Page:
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Read an overview of the Treasury portfolio including details of key activities, expenses and staffing levels. The audit focus section outlines the influences on the ANAO’s allocation of financial audit resources and the selection of performance audit topics and other activities. Also included is a list of material and non-material entities within the portfolio with their corresponding risk profile and key risks. Any risks that are considered key audit matters (KAMs) by the ANAO are separately identified.
The audit would assess the effectiveness of the Australian Border Force’s (ABF’s) processes for ensuring the accuracy of the Integrated Cargo System data supplied to the Australian Bureau of Statistics (ABS).
Australia’s international merchandise trade statistics are a key input into Australia’s balance of payments and national accounts. The source data is supplied each night to the ABS by the ABF, an operationally independent agency in the Home Affairs portfolio, from data input into the Integrated Cargo System by importers and exporters. Responsibility for monitoring and improving the accuracy of data input into the Integrated Cargo System rests with the customs compliance area of the ABF.
The audit would assess whether the Australian Government’s purchase of state government shares of Snowy Hydro Limited provided value for money with public resources.
In March 2018, the Australian Government announced that it would purchase New South Wales and Victoria’s combined shareholding of Snowy Hydro Limited (87 per cent). The purchase of Snowy Hydro Limited is a precursor to the planned implementation of Snowy Hydro 2.0, the expansion of the Snowy Mountains Scheme to facilitate pumped hydro for electricity generation.
The audit would include an assessment of the Department of Finance and the Treasury’s assurance on whether value for money was achieved in the purchase.
An assurance review would examine whether the Department of Health has obtained assurance that the financial benefits from the Prostheses List reforms accruing to private health insurers have been passed on to consumers in the form of premium reductions.
The Prostheses List legislates the minimum benefits payable by private insurers (if insurance is held by the patient) for specific prostheses. As of 1 February 2018, the minimum benefit payable by private health insurers was reduced. In return for the reduction in payment obligations, private health insurers advised that every $200 million in prostheses benefits reductions will decrease private health insurance premiums by one per cent.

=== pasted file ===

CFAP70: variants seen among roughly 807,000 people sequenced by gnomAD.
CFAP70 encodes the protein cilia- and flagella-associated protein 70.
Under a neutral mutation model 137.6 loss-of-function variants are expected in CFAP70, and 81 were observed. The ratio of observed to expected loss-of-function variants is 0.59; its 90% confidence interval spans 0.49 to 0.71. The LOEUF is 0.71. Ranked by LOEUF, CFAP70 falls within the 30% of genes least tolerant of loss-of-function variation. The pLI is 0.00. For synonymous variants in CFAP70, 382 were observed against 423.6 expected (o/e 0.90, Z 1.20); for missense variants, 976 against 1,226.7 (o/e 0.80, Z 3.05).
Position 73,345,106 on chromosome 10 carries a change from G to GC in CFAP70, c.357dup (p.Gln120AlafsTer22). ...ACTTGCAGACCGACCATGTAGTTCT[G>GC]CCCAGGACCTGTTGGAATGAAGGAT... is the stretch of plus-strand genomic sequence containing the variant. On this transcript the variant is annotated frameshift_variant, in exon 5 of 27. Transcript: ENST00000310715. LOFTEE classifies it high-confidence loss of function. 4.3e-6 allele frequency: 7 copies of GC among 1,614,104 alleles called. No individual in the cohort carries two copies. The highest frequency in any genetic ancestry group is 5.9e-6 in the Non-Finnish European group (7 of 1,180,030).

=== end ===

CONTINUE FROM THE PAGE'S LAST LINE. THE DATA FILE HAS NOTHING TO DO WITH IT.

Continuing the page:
Private health insurers submit applications to the Minister for Health for premium increases at the same time each year. Each application is examined by the Department of Health and the Australian Prudential Regulation Authority. This process is known as the annual premium round. Premium changes take effect from 1 April each year.
This audit would examine the effectiveness of the Government’s policy framework for concessional loans. The audit would also consider the financial impact of concessional loans on the presentation of the federal budget, the accounting treatment of concessional loans for financial reporting purposes, and their impact on the consolidated financial statements balance sheet.
A concessional loan is a loan provided at more favorable terms than the borrower could obtain in the marketplace. The concession provided may be in the form of below-market interest rates, longer loan maturity, or grace periods before the payment of the principal or interest.
The objective of this audit is to assess the effectiveness of the management of cyber security risks by three government business enterprises or corporate Commonwealth entities. The entities selected for audit are ASC Pty Ltd, the Australian Postal Corporation and the Reserve Bank of Australia.
The objective of this audit is to assess whether the Australian Taxation Office (ATO) and the Department of Agriculture and Water Resources (DAWR) have effectively administered the Farm Management Deposits (FMD) Scheme.
The Australian National Audit Office (ANAO) publishes two reports annually addressing the outcomes of the financial statement audits of Australian government entities and the Consolidated Financial Statements (CFS) of the Australian Government, to provide the Parliament of Australia with an independent examination of the financial accounting and reporting of public sector entities. This report will focus on the results of the interim audit phase, including an assessment of entities’ key internal controls, of the 2018–19 financial statements audits of a range of entities including all departments of state and a number of major Australian government entities.